Keeping up with the literature is almost always the first thing to fall by the wayside for all of us when we get busy. Usually this is because there are few overt short-term consequences of letting it slide. However, there are massive gains in stimulating ideas and experimental course correction that come with regular reading. Our lab also has quite a few new people and others trying to ramp up their background knowledge so I’ve been thinking about how to encourage everyone to maintain consistent reading habits. Some of the things we already do:
- We have a #recommended_reading channel in our lab Slack where I post things I think are of outstanding interest. I post several things here every day.
- We have a #365_papers Slack channel in which anyone can post what they’re reading each day to help others discover helpful information.
- We do an in-depth journal club at least once per month.
- A new addition this week: I’m having an automated Slackbot message sent to the lab every week in the #365_papers channel asking what’s something new they learned from a paper they read this week. I’m having this sent out in the very early afternoon on Fridays so that if they didn’t get a chance to read something, they might be able to skim something as they wrap up loose ends for the week or make it a priority on their schedule for the upcoming week. When I did this last week, I posted two papers of particular interest I had read and wrote what I had learned.
I’ve also seen on Twitter that Dr. Baucom’s lab has a great summer reading challenge. It’s a fantastic idea I’d like to try one day but we have a different ongoing summer challenge that I hope to post about in a few months!
While I do want to increase the rate and efficiency with which everyone goes through papers, right now I’d like to focus on comprehension. To that end, I’ve assembled a short list of questions that are eachgeared towards a specific skill I’d like to emphasize. I’m hoping that using these as a worksheet at first might ensure a minimal depth of understanding for each paper. Hopefully the questions can eventually help each person develop a running critical internal dialogue as they ramp up their reading volume. While somewhat overlapping, this list is intentionally meant to be a bit different and more succinct than those I use to teach students about peer review and rigorous evaluation of papers. I hope my lab and perhaps yours finds these helpful.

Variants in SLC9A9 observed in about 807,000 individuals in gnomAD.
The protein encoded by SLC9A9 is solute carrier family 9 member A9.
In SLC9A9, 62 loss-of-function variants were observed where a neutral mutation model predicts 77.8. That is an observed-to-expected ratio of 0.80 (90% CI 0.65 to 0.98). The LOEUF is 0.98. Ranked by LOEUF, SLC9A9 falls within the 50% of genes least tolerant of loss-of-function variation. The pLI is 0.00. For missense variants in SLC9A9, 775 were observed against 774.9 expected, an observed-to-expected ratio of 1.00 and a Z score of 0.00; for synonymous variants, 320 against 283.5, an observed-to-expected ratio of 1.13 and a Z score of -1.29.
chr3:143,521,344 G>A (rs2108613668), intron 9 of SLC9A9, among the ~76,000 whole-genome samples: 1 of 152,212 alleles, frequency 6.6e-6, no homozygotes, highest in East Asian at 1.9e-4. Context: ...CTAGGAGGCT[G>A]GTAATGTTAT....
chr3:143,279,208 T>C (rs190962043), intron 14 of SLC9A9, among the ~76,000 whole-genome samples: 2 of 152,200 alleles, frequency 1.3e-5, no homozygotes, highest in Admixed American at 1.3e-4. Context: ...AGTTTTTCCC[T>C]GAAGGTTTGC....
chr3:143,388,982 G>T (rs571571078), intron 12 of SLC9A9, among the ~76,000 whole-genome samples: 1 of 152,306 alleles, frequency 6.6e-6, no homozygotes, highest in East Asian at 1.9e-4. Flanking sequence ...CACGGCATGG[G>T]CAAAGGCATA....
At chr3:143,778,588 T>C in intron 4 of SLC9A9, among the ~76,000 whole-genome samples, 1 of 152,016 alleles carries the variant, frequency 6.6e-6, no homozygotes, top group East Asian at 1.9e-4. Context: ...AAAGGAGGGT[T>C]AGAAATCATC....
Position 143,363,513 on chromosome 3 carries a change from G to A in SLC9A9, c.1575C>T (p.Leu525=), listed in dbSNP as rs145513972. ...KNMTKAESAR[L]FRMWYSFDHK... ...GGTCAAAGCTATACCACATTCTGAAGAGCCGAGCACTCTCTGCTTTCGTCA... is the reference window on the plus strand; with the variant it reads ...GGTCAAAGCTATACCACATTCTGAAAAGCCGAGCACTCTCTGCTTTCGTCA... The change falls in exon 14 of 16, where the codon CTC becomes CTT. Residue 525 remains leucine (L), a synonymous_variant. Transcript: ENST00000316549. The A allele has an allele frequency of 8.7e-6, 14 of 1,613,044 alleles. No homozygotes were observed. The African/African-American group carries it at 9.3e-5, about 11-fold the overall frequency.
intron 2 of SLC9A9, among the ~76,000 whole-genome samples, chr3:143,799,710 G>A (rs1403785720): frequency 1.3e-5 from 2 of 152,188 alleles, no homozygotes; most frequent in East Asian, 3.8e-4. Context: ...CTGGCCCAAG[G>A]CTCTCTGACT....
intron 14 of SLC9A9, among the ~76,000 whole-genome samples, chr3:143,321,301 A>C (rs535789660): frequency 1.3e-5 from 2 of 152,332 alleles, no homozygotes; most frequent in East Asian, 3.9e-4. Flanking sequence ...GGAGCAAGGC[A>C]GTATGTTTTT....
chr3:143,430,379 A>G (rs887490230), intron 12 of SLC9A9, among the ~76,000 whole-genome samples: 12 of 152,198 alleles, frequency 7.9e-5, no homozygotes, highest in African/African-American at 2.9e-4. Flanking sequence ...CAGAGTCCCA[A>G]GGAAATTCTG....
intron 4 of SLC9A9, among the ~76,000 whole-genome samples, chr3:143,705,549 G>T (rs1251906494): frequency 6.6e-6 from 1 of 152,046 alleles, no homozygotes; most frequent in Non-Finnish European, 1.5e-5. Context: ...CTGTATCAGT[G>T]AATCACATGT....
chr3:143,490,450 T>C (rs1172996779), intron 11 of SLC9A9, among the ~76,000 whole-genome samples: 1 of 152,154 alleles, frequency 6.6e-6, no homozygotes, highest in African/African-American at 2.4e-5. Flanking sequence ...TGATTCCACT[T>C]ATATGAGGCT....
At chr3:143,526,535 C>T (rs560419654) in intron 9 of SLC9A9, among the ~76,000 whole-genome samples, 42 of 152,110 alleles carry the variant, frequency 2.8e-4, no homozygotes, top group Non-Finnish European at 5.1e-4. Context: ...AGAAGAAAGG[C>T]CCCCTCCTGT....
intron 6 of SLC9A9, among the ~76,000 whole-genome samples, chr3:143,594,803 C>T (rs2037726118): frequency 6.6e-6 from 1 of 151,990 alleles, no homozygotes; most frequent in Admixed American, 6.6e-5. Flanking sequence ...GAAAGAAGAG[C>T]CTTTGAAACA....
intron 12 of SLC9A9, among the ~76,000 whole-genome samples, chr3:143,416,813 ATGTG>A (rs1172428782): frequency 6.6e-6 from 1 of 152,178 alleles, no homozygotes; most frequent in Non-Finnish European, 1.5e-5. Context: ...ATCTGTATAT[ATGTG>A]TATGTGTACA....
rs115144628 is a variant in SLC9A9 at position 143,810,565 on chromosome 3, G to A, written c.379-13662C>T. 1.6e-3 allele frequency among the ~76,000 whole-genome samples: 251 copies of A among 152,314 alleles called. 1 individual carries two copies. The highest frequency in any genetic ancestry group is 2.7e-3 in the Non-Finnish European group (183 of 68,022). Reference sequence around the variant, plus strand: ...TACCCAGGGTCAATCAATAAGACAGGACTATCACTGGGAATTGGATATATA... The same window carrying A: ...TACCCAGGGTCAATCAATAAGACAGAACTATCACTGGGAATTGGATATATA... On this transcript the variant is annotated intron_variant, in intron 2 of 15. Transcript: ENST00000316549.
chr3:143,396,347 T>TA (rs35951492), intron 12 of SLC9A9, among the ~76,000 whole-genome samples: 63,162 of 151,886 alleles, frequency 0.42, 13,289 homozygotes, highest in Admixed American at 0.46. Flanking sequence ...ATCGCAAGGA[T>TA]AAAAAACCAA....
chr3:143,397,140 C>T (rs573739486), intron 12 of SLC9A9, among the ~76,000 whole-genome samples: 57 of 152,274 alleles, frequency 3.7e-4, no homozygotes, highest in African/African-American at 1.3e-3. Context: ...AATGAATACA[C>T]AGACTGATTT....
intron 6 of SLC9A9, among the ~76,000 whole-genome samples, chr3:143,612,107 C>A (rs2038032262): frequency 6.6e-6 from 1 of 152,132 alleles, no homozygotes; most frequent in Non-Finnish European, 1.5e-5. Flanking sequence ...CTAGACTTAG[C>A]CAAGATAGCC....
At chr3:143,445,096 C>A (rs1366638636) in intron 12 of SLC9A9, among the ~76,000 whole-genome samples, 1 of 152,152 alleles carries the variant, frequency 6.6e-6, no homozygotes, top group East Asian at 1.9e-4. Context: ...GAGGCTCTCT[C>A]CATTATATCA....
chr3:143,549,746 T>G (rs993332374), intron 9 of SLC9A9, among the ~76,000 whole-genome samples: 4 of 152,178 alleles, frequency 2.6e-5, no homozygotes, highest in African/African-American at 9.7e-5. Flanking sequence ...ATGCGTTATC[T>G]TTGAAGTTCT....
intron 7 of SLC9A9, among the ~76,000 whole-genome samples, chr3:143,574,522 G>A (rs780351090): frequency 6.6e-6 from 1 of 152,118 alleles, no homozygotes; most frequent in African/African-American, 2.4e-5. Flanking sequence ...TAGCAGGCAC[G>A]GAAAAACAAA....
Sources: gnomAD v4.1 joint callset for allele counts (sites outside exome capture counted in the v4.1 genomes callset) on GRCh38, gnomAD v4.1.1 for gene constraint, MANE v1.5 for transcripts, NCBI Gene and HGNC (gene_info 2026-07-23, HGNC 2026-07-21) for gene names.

Literature reading comprehension worksheet:
- What are the hypotheses or goals of the study? What is the motivation for the work?
- In your own words, what is the take home message of this paper? i.e. what do you hope to remember about this work?
- List 3 things you learned that you didn’t know before. These can be about background, methods, or anything else.
- List something or a few things you didn’t understand about the paper (so you can follow up).
- What’s the most important or interesting thing you saw in the supplemental data?
- Are the data presented in a manner that allow you to interpret them? Is any relevant information missing? Are images clear and/or quantified?
- If you look at the data alone, do you reach the same conclusions as the authors do? Do the data suggest an alternative explanation*?
- Suggest at least one orthogonal experiment not in the paper that might strengthen the results or might have been included instead.
- Does this paper make you think differently about your own project or experiments? If so, make note.
- What topic did this paper make you want to read more about?
*Thanks to Arjun Raj for the suggestion on the second part of this question.